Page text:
I will pay for the following article Duration of short term memory. The work is to be 1 page with three to five sources, with in-text citations and a reference page. PSYCHOLOGY INTERNAL Assessment Duration of Short Term Memory Mariam Kandelaki New school International school of Georgia and level:Psychology Standard Level
Date, Month, Year: November 7th 2014
Word Count: 1661
Duration of Short Term Memory
The human mind is an embodiment of various cognitive abilities. Amongst these is memory. Memory is essentially defined as the ability of the mind to retain information which has been received from any of the five senses that a human being has. Notably, human memory is into two: long and short term memory. There have been postulations that there are various factors that influence human cognition when it comes to short term memory. In particular, time seems to be a variable which affects the ability of people to recall objects over short time frames. The objective of the study is to determine if time influences the short term memories of the participants. The method used for data collection is a random sample which is administered the list of letters to test their short term memory over different time periods. Descriptive statistics together with measure of central tendency are used as part of results’ presentation. From the results, the conclusion is that short term memory is a subject of time.
The following is replication of Peterson and Peterson’s case study on short term memory. In the case study, the objective will be to test whether times has an influence on the short term memory of people. In particular, the test would use selected participants to determine the effect of time on the short term memory. Human memory is a complicated phenomenon. In psychological perspectives, the memory is divided into that for short and long durations. Memory, by definition, is the ability of the mind to recall information that is input to the mind. This is the process of information processing that normally takes place during cognition. Trying to understand what affects people’s cognition requires an extensive psychological assessment. In particular, understanding what affects the memory of people over what can be described as short intervals of time is a bit complicated. In the following discourse, the assessment is of a case study of the factors that influence human memory over short intervals of time. Several theories have postulated in an attempt of understanding the cognitive abilities of humans. The following case study draws references from the Peterson and Peterson’s study book. (Exploring Psychology 74). In doing the assessment, time will be evaluated as a factor which is likely to affect the short time memory of the participants.
The Peterson and Peterson study is quite a useful reference point in understanding short term memory. This is because the finding that it had argued that time is a factor which determines human cognition. It showed that time affected the participants’ ability to recall given three-letter words. According to Journal of Experimental Psychology by Peterson and Peterson page 197, time is a factor which affects human cognition. Based on this, the study by the two is quite in this case.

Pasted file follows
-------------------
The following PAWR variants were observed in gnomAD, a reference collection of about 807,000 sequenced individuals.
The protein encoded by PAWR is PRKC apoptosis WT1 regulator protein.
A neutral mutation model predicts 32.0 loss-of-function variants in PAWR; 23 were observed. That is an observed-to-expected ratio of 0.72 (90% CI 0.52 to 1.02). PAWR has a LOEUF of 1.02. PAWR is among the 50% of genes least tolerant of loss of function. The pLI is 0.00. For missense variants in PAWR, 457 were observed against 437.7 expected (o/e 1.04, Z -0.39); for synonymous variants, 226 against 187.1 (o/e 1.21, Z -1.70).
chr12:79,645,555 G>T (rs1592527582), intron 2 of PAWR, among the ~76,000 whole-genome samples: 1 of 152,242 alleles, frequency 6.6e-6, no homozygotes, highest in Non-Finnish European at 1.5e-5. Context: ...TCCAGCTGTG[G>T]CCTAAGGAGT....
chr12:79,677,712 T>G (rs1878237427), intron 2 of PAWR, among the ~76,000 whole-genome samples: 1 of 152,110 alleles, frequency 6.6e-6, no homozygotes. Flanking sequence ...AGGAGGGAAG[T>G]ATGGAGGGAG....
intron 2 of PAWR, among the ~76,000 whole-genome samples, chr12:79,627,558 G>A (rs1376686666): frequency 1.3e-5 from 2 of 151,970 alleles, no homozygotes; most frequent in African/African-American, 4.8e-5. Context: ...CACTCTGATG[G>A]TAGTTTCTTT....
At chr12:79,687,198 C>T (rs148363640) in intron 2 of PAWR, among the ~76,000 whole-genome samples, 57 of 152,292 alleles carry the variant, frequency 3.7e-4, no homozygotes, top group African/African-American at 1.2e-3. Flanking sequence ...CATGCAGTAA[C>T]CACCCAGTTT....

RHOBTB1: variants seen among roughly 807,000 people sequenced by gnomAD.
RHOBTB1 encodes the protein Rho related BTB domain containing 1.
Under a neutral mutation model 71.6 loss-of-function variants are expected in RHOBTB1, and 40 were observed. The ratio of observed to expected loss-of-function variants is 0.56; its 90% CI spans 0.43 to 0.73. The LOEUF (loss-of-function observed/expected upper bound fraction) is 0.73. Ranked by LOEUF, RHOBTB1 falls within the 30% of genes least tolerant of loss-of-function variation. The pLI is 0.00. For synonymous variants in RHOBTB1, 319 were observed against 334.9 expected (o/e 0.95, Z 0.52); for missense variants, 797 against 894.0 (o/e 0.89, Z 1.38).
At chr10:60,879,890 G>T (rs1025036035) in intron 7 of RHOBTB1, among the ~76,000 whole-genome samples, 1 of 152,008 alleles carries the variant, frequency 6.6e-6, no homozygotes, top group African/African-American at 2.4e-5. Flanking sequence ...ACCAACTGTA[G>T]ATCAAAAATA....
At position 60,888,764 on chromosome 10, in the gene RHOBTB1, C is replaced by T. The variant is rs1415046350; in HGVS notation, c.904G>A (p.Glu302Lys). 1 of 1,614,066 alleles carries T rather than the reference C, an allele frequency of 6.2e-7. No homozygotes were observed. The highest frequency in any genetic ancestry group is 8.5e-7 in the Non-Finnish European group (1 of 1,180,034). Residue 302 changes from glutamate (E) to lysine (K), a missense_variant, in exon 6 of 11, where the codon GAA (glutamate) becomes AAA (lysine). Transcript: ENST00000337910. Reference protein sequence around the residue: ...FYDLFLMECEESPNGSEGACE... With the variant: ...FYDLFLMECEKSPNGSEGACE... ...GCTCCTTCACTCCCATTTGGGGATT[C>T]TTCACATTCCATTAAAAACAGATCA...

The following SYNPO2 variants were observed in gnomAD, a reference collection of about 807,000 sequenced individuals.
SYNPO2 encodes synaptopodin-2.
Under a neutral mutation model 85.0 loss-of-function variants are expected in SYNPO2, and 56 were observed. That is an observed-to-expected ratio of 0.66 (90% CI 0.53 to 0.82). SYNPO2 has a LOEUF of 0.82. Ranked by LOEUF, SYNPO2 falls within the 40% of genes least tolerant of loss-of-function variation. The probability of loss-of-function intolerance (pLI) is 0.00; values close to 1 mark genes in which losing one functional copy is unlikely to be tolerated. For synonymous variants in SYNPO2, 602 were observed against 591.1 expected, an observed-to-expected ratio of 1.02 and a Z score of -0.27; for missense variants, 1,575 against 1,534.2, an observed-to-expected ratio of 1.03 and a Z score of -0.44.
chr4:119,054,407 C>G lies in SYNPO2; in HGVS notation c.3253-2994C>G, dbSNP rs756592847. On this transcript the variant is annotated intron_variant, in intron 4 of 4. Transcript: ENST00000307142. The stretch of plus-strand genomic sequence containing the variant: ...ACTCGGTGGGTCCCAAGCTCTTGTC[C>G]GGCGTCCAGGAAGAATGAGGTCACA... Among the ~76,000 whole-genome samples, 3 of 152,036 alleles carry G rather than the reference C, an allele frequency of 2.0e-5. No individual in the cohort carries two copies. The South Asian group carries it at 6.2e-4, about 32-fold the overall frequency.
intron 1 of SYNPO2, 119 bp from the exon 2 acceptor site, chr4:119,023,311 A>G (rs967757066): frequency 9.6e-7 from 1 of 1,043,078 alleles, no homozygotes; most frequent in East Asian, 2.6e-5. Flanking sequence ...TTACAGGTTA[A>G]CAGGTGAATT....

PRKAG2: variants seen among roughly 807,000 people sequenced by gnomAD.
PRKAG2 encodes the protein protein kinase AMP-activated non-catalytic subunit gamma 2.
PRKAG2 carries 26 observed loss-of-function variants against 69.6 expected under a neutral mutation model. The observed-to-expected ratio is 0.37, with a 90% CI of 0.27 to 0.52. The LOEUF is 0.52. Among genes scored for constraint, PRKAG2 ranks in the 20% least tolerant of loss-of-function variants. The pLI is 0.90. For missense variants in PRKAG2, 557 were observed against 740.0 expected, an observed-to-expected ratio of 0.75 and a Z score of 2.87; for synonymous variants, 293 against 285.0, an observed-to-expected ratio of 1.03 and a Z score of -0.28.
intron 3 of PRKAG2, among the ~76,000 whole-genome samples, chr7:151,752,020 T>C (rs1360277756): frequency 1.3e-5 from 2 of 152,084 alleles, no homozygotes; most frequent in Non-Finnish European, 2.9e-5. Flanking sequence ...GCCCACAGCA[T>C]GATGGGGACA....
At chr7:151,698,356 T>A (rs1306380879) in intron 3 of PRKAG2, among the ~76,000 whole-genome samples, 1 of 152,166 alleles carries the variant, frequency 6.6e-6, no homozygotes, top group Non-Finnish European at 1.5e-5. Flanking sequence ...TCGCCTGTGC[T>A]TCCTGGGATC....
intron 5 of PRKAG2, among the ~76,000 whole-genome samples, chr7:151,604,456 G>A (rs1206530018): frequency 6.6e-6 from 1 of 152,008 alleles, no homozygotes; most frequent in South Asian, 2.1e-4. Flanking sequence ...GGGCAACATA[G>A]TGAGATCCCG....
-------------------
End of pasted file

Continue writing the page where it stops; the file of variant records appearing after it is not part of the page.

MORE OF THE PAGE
To determine if time is a variable that influences participants’ ability to memorise or recall objects over short durations.
Short term memory is affected by the period over which a person is subjected to recall a given task.
The study would engage the participation of 20 volunteers. The participating volunteers will be selected randomly to allow for a more empirically valid finding. In this case, since sight would be important for the success of the study, it will be important that every participant has a good eye sight. The ability to see will enable an apt response to the questions that would be directed at the participants. In this case, the participants will be taken through a standardised process where they will be exposed to images of alphabetical letters in random manners. The images chosen will be made of consonants only. The intention to tease the mind by giving random three letter words that would not be easy to recognize. In addition, the letters generated by this design should not be known words.
The participants were given the letters and then they were expected to remember them after given intervals of time. In this case, the time intervals that were used are 4, 8, 12, 16, and 20 seconds. The ability of the participants to recall what they memorised was tested by the ability to replicate the images seen over the given time lines.
Dependent Variable: Ability to remember (Short time memory)
Independent Variable: Time
The participants taking part in the experiment were selected randomly through a sampling process in a local community. The number of participants, n, was 20. The selection process was fair in terms of gender preferences and age variation. the participants sampled were from different ages and gender as the community from which they come is diverse. The ages of the participant aged from 16 to 25 years. The participants selected were able to read and write. In addition, there were 10 male and an equal number of female participants. The randomness in the experiment was to ensure that the data collected would be credible as possible based on the uniqueness of the selected participants.